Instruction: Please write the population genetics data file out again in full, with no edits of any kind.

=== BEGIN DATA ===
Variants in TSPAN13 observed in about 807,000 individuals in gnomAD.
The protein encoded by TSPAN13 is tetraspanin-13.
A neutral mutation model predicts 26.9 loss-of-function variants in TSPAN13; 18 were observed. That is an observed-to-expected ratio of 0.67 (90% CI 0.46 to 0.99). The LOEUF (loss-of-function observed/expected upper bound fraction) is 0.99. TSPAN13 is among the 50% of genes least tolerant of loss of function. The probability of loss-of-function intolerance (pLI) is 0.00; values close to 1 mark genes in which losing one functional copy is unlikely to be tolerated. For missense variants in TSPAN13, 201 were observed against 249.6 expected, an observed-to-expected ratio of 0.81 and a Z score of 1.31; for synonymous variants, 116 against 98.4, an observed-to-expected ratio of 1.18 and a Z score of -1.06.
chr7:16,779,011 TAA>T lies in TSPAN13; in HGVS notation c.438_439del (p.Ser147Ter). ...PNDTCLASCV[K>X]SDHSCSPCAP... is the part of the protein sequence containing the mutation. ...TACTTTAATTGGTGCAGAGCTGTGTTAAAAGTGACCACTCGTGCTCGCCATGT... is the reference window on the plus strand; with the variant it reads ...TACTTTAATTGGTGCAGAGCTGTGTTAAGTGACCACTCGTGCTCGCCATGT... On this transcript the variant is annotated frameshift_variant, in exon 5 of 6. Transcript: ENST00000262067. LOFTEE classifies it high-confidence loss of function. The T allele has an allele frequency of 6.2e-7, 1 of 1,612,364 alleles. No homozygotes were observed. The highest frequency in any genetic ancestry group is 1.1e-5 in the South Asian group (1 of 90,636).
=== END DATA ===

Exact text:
Variants in TSPAN13 observed in about 807,000 individuals in gnomAD.
The protein encoded by TSPAN13 is tetraspanin-13.
A neutral mutation model predicts 26.9 loss-of-function variants in TSPAN13; 18 were observed. That is an observed-to-expected ratio of 0.67 (90% CI 0.46 to 0.99). The LOEUF (loss-of-function observed/expected upper bound fraction) is 0.99. TSPAN13 is among the 50% of genes least tolerant of loss of function. The probability of loss-of-function intolerance (pLI) is 0.00; values close to 1 mark genes in which losing one functional copy is unlikely to be tolerated. For missense variants in TSPAN13, 201 were observed against 249.6 expected, an observed-to-expected ratio of 0.81 and a Z score of 1.31; for synonymous variants, 116 against 98.4, an observed-to-expected ratio of 1.18 and a Z score of -1.06.
chr7:16,779,011 TAA>T lies in TSPAN13; in HGVS notation c.438_439del (p.Ser147Ter). ...PNDTCLASCV[K>X]SDHSCSPCAP... is the part of the protein sequence containing the mutation. ...TACTTTAATTGGTGCAGAGCTGTGTTAAAAGTGACCACTCGTGCTCGCCATGT... is the reference window on the plus strand; with the variant it reads ...TACTTTAATTGGTGCAGAGCTGTGTTAAGTGACCACTCGTGCTCGCCATGT... On this transcript the variant is annotated frameshift_variant, in exon 5 of 6. Transcript: ENST00000262067. LOFTEE classifies it high-confidence loss of function. The T allele has an allele frequency of 6.2e-7, 1 of 1,612,364 alleles. No homozygotes were observed. The highest frequency in any genetic ancestry group is 1.1e-5 in the South Asian group (1 of 90,636).